It was a typical Mexican breakfast for them. Empanadas, tacos and Cokes. B and I had scrambled eggs with the local sausage. Juan disappeared after we had ordered and returned carrying something wrapped in what looked like paper towels from a truck stop bathroom. It turned out to be a large piece of deep fried pork with a stack of tortillas. The family immediately tore into it. Although not something we would ordinarily eat for breakfast, it was quite good. Since they were certainly enjoying it more than we, we declined seconds. After they gathered up all the leftovers into napkins and stuffing them into purses, we were back in the cars and on the road again.
A little further down the road we passed through Cristobal Colon and Maria yelled to pull over and stop. She wanted to pick up a few plants for the house in Akil, where we were headed. As they piled back into the Jeep, I noticed something on Lizzie’s shoe and all over the floor and back of the Jeep. Yup, dog poop. I located my emergency roll of toilet paper and handed it to Lupe to do the clean up. She used half the roll and just threw it over the side of the Jeep. Littering is a big problem in Mexico. The whole time, Lizzie was screaming and sobbing at the indignity of having dog poop on her shoe. After retrieving what was left of my stash of toilet paper, I gave B a big eye roll and we were on our way again.
Our route took us past Zaragoza, which is the turn off to Isla Holbox, thru Chemax and skirting Valladolid. We took the cut off to Peto and as we turned onto this road, Juan pulled over and ran back to the Jeep. He wanted us to know that this was a “good” road and ran for 100 kilometers. He wanted to be sure that we had enough gas since we would not be encountering any gas stations on this route. I wondered why he didn’t ask before we got to this point but kept my silence. Thankfully, I had enough. He also wanted us to know that the police did not patrol this road so we could drink beer while we drove. I assured him that our Cokes would do us just fine! So on we went and he was right. The road was in exceptionally good condition for the first 20 kilometers or so. Then the potholes started. It was a dizzying drive after that, scooting from one side of the road to the other. We had stopped before this to put the top up and Maria, Lupe and Lizzie decided that they had had enough Jeep adventure and went back to the comfort of the air conditioned car. Thank God.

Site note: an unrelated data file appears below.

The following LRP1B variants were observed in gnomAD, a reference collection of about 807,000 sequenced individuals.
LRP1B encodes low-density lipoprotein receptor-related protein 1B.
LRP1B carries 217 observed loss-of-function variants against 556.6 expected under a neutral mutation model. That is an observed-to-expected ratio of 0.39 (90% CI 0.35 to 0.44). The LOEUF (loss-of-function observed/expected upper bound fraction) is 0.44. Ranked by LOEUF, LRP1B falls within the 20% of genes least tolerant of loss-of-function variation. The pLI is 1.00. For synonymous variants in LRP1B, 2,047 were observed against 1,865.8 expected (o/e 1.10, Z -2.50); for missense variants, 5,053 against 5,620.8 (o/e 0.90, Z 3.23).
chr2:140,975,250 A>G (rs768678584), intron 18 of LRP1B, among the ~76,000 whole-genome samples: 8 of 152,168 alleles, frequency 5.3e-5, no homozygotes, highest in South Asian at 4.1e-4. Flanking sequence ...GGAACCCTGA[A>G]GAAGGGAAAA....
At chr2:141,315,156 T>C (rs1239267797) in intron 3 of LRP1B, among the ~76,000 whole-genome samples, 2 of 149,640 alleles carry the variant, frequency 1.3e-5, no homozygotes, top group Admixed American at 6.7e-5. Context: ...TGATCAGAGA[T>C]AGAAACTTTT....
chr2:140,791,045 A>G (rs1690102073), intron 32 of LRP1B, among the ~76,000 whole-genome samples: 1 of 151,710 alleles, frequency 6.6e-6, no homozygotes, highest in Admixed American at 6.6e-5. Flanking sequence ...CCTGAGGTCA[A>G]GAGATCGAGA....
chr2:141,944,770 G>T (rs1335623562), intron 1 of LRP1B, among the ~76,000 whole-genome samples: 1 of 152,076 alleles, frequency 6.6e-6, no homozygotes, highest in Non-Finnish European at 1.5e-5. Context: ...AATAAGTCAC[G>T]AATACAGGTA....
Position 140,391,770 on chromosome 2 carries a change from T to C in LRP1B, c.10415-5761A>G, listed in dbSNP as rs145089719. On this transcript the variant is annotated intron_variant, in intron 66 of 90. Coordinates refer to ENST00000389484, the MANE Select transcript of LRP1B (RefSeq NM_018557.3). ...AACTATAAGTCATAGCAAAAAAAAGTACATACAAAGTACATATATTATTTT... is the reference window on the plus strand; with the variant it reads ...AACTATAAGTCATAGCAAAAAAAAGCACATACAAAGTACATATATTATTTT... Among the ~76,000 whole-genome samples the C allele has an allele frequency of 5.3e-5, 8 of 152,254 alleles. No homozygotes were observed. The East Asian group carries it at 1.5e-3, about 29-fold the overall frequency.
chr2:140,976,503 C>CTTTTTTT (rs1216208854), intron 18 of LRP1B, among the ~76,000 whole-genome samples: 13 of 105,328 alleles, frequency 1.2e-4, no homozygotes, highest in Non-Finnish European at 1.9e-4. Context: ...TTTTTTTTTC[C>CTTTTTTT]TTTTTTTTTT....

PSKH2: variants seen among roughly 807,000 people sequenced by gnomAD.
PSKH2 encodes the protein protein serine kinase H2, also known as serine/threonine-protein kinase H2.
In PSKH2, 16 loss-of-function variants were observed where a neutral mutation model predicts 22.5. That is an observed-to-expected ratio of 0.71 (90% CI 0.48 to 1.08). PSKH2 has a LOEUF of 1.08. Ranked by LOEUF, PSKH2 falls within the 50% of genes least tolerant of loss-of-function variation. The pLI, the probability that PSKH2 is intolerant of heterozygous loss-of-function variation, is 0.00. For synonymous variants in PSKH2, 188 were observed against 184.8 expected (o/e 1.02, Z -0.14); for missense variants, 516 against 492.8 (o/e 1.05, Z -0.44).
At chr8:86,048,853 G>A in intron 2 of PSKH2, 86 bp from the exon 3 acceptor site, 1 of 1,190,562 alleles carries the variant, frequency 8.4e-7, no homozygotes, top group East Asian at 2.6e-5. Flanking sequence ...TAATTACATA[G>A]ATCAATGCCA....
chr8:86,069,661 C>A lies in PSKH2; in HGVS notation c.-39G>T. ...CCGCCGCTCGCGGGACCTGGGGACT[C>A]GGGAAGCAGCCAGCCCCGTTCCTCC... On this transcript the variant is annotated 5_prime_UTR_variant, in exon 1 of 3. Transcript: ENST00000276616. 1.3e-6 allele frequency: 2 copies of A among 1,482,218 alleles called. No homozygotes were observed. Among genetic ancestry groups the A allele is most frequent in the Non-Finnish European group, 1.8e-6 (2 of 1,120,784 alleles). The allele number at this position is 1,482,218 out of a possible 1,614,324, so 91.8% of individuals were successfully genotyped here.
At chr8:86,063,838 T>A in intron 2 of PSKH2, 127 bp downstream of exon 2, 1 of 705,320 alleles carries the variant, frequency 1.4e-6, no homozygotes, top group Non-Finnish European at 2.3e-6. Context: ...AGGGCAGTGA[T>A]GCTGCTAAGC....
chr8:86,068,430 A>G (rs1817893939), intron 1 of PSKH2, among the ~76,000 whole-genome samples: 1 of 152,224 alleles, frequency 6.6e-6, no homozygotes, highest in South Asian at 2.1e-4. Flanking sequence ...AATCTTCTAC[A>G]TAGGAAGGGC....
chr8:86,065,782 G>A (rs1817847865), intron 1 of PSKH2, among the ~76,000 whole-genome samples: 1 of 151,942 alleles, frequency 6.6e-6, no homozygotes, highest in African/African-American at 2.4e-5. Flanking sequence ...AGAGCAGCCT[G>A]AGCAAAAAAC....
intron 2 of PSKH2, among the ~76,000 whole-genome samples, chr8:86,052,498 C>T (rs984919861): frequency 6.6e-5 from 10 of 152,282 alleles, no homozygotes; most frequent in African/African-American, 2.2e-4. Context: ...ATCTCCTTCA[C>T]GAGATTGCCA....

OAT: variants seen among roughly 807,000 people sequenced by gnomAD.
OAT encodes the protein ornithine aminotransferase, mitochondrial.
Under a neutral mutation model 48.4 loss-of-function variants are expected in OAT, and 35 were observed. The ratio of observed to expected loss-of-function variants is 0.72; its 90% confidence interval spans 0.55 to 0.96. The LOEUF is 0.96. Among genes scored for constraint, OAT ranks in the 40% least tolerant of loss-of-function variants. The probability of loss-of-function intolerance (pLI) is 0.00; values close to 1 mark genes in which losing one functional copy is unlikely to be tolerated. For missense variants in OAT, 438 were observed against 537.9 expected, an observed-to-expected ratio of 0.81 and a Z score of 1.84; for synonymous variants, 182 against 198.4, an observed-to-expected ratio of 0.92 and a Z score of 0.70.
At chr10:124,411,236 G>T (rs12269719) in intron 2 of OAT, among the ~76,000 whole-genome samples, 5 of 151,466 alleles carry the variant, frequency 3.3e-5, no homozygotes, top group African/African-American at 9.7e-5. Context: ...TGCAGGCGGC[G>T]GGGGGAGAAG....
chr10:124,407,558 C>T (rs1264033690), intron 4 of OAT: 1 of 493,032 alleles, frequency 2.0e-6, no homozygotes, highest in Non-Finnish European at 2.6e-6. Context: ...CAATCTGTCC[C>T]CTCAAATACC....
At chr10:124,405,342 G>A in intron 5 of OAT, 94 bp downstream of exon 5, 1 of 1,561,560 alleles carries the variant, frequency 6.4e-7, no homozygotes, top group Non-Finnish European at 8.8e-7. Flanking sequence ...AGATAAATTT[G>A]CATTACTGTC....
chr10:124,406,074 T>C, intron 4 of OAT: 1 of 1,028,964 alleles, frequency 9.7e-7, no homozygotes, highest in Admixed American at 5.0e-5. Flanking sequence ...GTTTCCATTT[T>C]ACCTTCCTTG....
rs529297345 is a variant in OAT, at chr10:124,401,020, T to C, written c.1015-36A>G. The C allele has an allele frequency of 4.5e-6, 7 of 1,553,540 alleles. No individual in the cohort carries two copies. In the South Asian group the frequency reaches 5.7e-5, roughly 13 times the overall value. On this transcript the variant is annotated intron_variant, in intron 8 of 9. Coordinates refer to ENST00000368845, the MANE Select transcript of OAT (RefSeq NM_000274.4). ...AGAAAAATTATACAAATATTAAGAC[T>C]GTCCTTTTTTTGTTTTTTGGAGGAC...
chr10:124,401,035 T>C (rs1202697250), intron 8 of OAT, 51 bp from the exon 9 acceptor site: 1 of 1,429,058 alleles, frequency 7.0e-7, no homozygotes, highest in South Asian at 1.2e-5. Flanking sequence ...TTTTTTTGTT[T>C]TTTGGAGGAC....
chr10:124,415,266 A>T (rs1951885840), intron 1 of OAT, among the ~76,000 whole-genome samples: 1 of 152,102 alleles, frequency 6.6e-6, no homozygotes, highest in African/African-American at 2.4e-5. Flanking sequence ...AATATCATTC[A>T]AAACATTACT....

Shortly after passing through Chikindzonot, the skies opened up and boy did it rain. We had not brought the back passenger windows with us, never expecting to encounter such a downpour. Besides, we didn’t have room for them. It didn’t take long for the back of the Jeep to turn into a swimming pool. Thank goodness the makers were smart enough to install drain plugs! So on we drove, dodging puddles of water that we had no idea of how deep they might be. All the time the windshield wipers on full blast but not doing much good. By the time we got to Xcocmil it had let up. I was glad for that just for the driving factor but also because this was a village that we had been looking for. It is the hometown of Rogelio, the mariachi singer that has his little boy, Roger, sing with him. We wanted to take some pictures to bring back to show them. We got our photos and proceeded on to Peto. Peto is a fairly large town and it was the first place we noticed bars on all the windows, just like in Cancun.
We stopped for an uneventful lunch in Peto. They informed us they had the best seafood available (miles from any coast?) but Juan was quick to point out to them that they were mistaken. He had the best seafood at his restaurant! So after a boring little lunch, we loaded back into the vehicles and headed out for our next stop, Cenote (water well) Keken, which was to be a wondrous experience.